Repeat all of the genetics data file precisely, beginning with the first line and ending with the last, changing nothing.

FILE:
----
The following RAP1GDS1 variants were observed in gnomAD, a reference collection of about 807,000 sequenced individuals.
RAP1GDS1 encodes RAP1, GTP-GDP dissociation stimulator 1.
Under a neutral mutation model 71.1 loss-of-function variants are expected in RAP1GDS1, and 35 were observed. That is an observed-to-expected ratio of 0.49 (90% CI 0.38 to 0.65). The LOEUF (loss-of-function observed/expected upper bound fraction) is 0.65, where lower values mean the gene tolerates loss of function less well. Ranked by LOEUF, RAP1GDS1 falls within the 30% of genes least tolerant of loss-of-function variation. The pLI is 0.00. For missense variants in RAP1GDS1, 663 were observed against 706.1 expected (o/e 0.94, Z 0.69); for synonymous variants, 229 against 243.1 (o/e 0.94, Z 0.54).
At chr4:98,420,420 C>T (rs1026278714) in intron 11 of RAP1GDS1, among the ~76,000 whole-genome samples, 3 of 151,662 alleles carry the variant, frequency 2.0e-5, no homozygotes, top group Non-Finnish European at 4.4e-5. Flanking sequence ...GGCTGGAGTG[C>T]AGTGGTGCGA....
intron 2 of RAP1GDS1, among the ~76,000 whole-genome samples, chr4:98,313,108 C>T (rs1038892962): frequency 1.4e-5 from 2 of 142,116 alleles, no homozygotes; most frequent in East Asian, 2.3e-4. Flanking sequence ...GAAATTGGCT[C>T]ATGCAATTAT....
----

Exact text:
The following RAP1GDS1 variants were observed in gnomAD, a reference collection of about 807,000 sequenced individuals.
RAP1GDS1 encodes RAP1, GTP-GDP dissociation stimulator 1.
Under a neutral mutation model 71.1 loss-of-function variants are expected in RAP1GDS1, and 35 were observed. That is an observed-to-expected ratio of 0.49 (90% CI 0.38 to 0.65). The LOEUF (loss-of-function observed/expected upper bound fraction) is 0.65, where lower values mean the gene tolerates loss of function less well. Ranked by LOEUF, RAP1GDS1 falls within the 30% of genes least tolerant of loss-of-function variation. The pLI is 0.00. For missense variants in RAP1GDS1, 663 were observed against 706.1 expected (o/e 0.94, Z 0.69); for synonymous variants, 229 against 243.1 (o/e 0.94, Z 0.54).
At chr4:98,420,420 C>T (rs1026278714) in intron 11 of RAP1GDS1, among the ~76,000 whole-genome samples, 3 of 151,662 alleles carry the variant, frequency 2.0e-5, no homozygotes, top group Non-Finnish European at 4.4e-5. Flanking sequence ...GGCTGGAGTG[C>T]AGTGGTGCGA....
intron 2 of RAP1GDS1, among the ~76,000 whole-genome samples, chr4:98,313,108 C>T (rs1038892962): frequency 1.4e-5 from 2 of 142,116 alleles, no homozygotes; most frequent in East Asian, 2.3e-4. Flanking sequence ...GAAATTGGCT[C>T]ATGCAATTAT....